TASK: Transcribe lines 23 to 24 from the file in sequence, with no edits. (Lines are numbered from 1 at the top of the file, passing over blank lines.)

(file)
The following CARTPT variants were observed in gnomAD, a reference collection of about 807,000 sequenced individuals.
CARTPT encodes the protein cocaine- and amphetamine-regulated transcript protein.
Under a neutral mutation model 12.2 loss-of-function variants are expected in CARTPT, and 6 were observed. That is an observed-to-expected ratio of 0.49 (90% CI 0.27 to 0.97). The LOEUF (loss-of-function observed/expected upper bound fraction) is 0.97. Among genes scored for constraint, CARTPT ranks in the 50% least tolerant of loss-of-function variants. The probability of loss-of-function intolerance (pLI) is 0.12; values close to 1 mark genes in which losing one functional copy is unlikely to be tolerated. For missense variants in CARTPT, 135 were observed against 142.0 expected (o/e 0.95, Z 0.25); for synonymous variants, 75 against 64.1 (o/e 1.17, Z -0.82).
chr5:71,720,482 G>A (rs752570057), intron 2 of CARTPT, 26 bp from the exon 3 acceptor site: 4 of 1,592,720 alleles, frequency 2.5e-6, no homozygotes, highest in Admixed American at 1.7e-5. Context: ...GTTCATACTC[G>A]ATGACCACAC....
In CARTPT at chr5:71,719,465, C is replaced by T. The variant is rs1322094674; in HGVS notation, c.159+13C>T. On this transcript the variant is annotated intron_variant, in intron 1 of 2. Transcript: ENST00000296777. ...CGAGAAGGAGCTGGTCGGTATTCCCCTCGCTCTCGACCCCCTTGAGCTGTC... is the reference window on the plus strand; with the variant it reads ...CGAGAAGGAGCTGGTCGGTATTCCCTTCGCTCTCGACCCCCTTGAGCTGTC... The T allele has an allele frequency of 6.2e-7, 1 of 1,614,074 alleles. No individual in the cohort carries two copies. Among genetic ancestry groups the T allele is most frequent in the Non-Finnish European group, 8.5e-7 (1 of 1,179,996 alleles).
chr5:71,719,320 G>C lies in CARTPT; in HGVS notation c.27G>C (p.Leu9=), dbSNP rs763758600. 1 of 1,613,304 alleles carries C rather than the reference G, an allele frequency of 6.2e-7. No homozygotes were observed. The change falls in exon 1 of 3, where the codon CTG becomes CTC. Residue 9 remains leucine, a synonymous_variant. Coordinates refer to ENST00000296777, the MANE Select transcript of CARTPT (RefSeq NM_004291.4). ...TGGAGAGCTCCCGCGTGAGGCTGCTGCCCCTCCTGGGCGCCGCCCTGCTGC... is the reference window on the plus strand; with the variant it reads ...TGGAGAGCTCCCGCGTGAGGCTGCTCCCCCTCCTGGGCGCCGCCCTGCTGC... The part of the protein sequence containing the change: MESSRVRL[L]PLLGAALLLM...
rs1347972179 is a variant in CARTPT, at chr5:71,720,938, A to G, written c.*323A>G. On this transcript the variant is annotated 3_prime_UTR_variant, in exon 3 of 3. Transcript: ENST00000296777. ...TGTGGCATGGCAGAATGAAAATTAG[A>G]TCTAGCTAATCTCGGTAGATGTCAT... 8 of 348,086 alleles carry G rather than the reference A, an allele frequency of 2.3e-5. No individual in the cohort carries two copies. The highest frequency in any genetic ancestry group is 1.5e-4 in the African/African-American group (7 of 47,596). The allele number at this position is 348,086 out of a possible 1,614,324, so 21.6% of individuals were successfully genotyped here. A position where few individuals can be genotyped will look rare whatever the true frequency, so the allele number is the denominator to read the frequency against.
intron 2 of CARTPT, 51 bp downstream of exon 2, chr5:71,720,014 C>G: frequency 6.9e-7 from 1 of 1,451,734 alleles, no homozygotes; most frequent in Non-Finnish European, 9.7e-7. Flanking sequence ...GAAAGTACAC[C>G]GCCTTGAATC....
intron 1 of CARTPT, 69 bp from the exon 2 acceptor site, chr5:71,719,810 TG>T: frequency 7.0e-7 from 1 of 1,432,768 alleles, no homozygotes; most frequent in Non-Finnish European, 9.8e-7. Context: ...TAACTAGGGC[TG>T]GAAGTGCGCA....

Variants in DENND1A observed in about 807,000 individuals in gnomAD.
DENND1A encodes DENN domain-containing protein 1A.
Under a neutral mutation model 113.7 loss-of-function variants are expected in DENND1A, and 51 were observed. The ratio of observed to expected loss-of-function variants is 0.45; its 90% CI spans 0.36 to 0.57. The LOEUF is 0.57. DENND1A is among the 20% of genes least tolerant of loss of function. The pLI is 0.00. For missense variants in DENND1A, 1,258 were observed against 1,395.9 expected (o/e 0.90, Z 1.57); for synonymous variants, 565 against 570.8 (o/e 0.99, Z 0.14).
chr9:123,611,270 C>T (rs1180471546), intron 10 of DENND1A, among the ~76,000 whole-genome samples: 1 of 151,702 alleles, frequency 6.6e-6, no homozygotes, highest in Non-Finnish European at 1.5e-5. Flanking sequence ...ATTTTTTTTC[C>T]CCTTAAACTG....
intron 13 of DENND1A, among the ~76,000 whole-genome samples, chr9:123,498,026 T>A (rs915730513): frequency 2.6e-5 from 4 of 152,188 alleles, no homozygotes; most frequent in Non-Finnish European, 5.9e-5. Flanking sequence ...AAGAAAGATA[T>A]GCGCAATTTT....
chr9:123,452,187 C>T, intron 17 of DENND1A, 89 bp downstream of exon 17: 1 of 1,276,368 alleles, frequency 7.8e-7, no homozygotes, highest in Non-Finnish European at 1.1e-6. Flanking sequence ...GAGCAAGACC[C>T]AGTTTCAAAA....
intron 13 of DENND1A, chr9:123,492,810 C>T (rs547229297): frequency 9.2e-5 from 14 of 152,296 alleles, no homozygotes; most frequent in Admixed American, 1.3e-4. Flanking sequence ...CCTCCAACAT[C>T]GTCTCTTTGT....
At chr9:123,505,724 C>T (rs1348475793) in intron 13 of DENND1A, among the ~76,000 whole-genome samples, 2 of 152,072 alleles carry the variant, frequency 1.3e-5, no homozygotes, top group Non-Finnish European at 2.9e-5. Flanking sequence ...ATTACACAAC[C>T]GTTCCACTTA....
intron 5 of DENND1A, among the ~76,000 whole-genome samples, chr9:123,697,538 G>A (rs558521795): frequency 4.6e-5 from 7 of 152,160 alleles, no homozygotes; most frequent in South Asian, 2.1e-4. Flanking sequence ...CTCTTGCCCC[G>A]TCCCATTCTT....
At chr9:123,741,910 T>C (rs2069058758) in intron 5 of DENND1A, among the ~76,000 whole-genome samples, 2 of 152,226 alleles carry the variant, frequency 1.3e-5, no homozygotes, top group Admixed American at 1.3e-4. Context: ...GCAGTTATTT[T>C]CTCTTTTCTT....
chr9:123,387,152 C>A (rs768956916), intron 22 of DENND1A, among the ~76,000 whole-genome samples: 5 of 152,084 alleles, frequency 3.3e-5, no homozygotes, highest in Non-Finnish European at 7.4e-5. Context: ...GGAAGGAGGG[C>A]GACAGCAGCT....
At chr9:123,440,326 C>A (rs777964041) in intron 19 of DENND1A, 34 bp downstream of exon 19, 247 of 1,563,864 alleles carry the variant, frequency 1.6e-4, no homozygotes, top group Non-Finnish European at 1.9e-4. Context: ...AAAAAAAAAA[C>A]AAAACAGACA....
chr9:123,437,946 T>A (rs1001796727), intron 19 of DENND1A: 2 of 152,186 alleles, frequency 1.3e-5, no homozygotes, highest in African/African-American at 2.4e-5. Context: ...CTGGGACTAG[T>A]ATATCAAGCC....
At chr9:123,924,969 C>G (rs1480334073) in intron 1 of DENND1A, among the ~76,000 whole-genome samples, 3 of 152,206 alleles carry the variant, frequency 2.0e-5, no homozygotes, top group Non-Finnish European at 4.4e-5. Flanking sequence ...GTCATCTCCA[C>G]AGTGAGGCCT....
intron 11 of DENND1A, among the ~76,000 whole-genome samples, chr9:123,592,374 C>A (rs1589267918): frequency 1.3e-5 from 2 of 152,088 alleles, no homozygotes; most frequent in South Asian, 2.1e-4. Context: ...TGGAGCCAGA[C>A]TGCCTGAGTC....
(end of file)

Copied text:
At chr9:123,924,969 C>G (rs1480334073) in intron 1 of DENND1A, among the ~76,000 whole-genome samples, 3 of 152,206 alleles carry the variant, frequency 2.0e-5, no homozygotes, top group Non-Finnish European at 4.4e-5. Flanking sequence ...GTCATCTCCA[C>G]AGTGAGGCCT....
intron 11 of DENND1A, among the ~76,000 whole-genome samples, chr9:123,592,374 C>A (rs1589267918): frequency 1.3e-5 from 2 of 152,088 alleles, no homozygotes; most frequent in South Asian, 2.1e-4. Context: ...TGGAGCCAGA[C>A]TGCCTGAGTC....